One in four Brits holiday without cover

13 June 2013

Millions of Brits will be going on holiday this summer without travel insurance, according to ABTA.

Research by the travel association shows 24% of Brits travel without insurance.  Younger travellers are the worst offenders, with 48% of 15-24 year olds holidaying without cover.

Of those that have forgone cover, 31% said it was because it's too expensive.

This reluctance is despite one in four of us having had to visit a doctor or hospital whilst abroad, the report claimed.

Mark Tanzer, ABTA chief executive said: "With the peak holiday season coming up and British tourists heading abroad, we urge holidaymakers to think about travel insurance and to pack their policy.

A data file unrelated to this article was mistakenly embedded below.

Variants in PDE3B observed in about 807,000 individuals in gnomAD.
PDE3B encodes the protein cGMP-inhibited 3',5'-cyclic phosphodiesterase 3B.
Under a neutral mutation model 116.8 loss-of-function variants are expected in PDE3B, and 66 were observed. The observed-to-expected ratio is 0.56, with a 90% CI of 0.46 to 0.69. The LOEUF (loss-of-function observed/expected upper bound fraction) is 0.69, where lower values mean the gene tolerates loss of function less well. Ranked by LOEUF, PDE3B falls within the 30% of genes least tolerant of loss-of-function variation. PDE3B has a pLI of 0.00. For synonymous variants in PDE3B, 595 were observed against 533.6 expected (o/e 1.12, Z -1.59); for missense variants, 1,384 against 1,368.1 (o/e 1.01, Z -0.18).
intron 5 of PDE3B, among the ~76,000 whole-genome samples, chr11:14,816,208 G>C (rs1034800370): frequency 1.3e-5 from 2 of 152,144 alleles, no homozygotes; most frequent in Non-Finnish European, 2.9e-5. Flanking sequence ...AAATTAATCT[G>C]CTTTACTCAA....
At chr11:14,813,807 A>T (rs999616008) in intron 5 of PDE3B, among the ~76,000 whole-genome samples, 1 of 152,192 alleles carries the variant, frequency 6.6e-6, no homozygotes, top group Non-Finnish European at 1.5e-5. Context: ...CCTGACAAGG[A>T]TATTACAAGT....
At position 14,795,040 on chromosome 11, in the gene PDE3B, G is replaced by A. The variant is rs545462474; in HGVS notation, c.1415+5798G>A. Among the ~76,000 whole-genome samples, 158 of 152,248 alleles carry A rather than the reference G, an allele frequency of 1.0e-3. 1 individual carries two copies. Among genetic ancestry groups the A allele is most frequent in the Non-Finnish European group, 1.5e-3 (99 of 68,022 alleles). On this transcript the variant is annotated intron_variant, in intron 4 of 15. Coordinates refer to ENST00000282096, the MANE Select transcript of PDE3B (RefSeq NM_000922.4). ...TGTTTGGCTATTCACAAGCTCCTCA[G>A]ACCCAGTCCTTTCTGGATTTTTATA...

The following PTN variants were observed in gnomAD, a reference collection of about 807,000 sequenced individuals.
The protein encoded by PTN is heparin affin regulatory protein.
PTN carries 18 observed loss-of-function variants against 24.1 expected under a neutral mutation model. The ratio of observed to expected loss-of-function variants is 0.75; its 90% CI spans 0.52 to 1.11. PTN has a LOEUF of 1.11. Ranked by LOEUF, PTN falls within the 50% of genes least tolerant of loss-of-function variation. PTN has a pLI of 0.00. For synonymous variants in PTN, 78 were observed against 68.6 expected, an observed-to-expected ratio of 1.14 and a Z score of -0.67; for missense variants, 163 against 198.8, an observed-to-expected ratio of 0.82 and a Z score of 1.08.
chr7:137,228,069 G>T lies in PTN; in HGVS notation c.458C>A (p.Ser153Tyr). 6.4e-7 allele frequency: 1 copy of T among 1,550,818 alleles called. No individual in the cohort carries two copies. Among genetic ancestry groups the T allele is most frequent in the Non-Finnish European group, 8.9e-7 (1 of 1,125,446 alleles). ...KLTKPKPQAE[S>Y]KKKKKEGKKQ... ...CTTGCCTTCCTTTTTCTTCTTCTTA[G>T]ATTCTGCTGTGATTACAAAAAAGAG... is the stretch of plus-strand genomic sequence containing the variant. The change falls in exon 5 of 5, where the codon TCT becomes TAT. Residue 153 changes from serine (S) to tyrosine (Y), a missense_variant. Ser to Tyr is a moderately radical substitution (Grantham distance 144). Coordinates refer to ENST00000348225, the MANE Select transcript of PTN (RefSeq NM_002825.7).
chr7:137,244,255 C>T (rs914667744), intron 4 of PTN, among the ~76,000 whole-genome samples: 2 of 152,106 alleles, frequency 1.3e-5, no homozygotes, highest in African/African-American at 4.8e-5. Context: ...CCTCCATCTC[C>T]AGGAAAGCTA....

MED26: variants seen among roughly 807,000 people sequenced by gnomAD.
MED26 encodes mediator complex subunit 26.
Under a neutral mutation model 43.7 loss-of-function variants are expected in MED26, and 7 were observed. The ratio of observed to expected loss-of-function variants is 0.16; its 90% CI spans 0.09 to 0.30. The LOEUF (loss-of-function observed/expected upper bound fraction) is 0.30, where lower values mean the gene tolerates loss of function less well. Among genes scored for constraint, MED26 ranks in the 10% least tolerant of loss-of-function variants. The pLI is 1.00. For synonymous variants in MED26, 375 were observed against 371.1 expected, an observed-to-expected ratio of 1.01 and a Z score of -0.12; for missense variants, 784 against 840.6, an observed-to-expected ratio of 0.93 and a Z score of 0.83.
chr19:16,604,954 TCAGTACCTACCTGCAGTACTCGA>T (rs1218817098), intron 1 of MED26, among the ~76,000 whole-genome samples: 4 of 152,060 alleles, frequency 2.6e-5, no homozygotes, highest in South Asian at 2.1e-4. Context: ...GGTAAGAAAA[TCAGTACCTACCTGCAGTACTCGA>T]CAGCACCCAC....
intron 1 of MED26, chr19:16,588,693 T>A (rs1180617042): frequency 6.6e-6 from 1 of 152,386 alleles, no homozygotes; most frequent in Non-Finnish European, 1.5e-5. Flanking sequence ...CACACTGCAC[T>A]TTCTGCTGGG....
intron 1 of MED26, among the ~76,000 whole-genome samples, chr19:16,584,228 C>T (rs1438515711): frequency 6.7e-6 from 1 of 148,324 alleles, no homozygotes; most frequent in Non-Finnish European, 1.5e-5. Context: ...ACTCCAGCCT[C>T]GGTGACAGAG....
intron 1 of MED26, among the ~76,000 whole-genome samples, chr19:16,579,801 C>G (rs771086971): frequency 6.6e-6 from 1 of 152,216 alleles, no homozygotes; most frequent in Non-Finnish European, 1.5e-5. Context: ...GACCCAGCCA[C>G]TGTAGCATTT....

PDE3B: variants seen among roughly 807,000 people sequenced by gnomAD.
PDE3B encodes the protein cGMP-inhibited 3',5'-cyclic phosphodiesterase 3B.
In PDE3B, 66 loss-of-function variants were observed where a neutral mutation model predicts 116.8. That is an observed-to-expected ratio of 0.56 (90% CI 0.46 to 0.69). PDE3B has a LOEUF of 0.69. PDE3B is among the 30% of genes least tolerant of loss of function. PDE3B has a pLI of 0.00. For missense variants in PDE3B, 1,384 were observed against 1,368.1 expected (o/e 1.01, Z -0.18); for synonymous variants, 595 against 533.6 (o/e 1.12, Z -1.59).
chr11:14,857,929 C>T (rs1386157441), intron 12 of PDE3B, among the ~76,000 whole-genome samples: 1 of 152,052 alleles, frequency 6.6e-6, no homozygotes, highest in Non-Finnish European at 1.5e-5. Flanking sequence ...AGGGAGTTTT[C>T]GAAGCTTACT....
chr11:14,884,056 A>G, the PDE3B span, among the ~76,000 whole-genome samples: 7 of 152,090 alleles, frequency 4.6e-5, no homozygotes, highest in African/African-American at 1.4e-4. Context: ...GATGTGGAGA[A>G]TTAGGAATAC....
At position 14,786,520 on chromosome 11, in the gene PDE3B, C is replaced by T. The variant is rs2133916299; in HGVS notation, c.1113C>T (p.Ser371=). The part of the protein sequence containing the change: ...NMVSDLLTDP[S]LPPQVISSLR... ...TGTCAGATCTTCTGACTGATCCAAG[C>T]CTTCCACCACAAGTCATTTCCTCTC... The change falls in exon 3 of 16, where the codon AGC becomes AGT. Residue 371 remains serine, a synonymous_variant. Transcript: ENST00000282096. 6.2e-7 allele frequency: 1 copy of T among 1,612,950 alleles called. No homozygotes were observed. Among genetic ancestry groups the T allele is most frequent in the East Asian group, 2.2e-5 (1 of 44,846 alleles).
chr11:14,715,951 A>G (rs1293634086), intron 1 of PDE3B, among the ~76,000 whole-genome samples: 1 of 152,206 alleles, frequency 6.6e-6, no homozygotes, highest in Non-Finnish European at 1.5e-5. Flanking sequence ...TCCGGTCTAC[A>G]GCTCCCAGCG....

"Unfortunately, accidents can and do happen and sometimes these accidents can lead to costly medical bills. It is just not worth taking the risk, when an average annual travel insurance policy costs less than £25."

Almost half of people in the UK think it would cost £5,000 or less to treat a broken leg in USA, when the figure is actually eight times that, costing nearly £40,000, according to the travel association.

ABTA also found 16% of Brits think travel insurance is unnecessary, incorrectly believing the UK government will pay for their treatment if they are injured abroad. Similarly another 17% feel that they don't need insurance in Europe if they have a European Health Insurance Card (EHIC).

However this is not the case. EHIC cards only cover you for basic state medical care. This may not be equivalent to what would be provided under the NHS and would certainly not cover the cost of repatriation back to the UK.

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